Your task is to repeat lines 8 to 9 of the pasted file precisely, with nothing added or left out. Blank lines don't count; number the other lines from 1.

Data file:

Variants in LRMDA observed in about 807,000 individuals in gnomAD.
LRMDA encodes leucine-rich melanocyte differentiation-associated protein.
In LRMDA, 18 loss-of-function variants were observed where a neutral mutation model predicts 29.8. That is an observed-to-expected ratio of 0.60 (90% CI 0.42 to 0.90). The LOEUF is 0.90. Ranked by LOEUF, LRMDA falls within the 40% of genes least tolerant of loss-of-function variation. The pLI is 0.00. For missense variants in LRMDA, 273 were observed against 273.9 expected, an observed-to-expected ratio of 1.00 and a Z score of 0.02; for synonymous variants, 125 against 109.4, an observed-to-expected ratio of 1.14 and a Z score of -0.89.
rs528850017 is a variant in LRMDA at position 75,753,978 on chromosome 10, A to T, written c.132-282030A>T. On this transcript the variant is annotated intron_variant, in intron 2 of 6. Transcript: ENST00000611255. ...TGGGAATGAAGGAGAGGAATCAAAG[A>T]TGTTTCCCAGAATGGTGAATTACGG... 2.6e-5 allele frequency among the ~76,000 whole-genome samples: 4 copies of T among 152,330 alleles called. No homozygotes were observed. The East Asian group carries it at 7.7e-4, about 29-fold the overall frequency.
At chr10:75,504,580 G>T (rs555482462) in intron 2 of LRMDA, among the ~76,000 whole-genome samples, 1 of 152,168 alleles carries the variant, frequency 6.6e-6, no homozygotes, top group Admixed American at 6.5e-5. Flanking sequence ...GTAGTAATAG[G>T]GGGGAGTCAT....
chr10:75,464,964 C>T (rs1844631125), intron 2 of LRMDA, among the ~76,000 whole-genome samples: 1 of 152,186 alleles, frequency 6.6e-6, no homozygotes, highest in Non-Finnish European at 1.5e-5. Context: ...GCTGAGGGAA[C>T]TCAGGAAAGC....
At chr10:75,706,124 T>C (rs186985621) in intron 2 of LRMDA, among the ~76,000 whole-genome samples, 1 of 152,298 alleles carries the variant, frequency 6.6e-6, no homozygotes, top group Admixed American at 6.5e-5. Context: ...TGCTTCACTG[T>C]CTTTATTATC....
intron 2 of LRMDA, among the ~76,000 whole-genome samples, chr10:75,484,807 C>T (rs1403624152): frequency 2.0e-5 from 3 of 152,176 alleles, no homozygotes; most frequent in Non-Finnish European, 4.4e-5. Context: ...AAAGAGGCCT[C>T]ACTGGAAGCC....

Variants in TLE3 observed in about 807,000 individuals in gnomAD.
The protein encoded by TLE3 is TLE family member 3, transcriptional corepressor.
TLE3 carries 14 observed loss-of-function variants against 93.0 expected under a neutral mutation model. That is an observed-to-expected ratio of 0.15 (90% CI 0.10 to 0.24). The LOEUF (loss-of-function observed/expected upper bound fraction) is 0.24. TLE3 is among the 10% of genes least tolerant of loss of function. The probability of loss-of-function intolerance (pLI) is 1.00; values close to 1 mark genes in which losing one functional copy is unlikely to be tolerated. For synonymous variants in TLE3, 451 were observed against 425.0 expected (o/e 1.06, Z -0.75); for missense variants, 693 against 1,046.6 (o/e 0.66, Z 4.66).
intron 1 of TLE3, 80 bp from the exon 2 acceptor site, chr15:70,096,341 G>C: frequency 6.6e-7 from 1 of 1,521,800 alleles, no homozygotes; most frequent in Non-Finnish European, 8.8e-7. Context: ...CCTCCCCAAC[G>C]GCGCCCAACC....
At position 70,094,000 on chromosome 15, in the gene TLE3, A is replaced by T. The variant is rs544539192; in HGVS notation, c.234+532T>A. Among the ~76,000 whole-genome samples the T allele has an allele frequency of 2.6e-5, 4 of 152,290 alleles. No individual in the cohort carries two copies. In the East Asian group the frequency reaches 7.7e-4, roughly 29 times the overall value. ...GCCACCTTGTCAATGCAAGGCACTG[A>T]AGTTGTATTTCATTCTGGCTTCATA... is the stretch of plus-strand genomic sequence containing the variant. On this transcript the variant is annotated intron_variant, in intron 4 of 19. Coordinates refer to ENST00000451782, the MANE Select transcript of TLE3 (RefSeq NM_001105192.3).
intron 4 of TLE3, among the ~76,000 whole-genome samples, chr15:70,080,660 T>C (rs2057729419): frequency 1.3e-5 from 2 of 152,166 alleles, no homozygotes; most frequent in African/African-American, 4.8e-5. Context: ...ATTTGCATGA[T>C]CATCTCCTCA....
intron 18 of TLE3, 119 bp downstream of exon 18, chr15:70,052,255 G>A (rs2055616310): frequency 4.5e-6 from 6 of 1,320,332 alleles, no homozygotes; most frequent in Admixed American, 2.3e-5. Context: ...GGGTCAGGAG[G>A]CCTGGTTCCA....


intron 2 of LRMDA, among the ~76,000 whole-genome samples, chr10:75,484,807 C>T (rs1403624152): frequency 2.0e-5 from 3 of 152,176 alleles, no homozygotes; most frequent in Non-Finnish European, 4.4e-5. Context: ...AAAGAGGCCT[C>T]ACTGGAAGCC....

Variants in TLE3 observed in about 807,000 individuals in gnomAD.